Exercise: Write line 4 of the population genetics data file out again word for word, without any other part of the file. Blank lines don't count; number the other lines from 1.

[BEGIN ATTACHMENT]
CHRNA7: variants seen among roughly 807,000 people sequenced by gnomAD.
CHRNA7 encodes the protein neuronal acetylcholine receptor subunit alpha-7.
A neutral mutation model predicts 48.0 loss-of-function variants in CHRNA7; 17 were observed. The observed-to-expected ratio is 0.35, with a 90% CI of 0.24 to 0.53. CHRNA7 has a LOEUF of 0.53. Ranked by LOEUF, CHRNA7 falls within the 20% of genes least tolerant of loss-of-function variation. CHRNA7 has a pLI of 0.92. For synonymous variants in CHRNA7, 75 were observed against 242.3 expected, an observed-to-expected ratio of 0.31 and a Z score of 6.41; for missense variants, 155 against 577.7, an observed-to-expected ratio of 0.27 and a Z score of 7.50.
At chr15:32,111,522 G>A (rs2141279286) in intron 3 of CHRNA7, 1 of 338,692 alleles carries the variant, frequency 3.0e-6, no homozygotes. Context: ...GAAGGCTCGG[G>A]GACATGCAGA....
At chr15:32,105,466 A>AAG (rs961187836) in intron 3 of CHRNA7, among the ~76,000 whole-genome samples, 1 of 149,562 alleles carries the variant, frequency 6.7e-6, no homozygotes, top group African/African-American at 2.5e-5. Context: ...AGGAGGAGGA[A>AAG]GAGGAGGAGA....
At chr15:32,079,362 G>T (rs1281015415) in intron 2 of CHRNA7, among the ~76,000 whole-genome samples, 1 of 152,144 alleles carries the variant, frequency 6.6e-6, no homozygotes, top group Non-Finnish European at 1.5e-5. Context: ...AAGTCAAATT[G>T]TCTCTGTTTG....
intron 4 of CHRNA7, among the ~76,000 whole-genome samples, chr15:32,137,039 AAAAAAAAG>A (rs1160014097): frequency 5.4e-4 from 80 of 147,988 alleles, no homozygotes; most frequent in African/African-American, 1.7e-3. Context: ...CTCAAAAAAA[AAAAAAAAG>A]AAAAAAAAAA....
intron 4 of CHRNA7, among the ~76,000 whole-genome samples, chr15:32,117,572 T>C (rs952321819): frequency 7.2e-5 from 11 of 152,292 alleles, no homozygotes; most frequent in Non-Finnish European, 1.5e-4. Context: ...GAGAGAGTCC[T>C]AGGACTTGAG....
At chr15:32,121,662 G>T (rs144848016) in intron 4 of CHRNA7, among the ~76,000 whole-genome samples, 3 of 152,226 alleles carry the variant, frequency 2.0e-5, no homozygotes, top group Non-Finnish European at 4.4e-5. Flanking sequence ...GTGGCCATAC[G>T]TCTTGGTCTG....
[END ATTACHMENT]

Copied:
At chr15:32,111,522 G>A (rs2141279286) in intron 3 of CHRNA7, 1 of 338,692 alleles carries the variant, frequency 3.0e-6, no homozygotes. Context: ...GAAGGCTCGG[G>A]GACATGCAGA....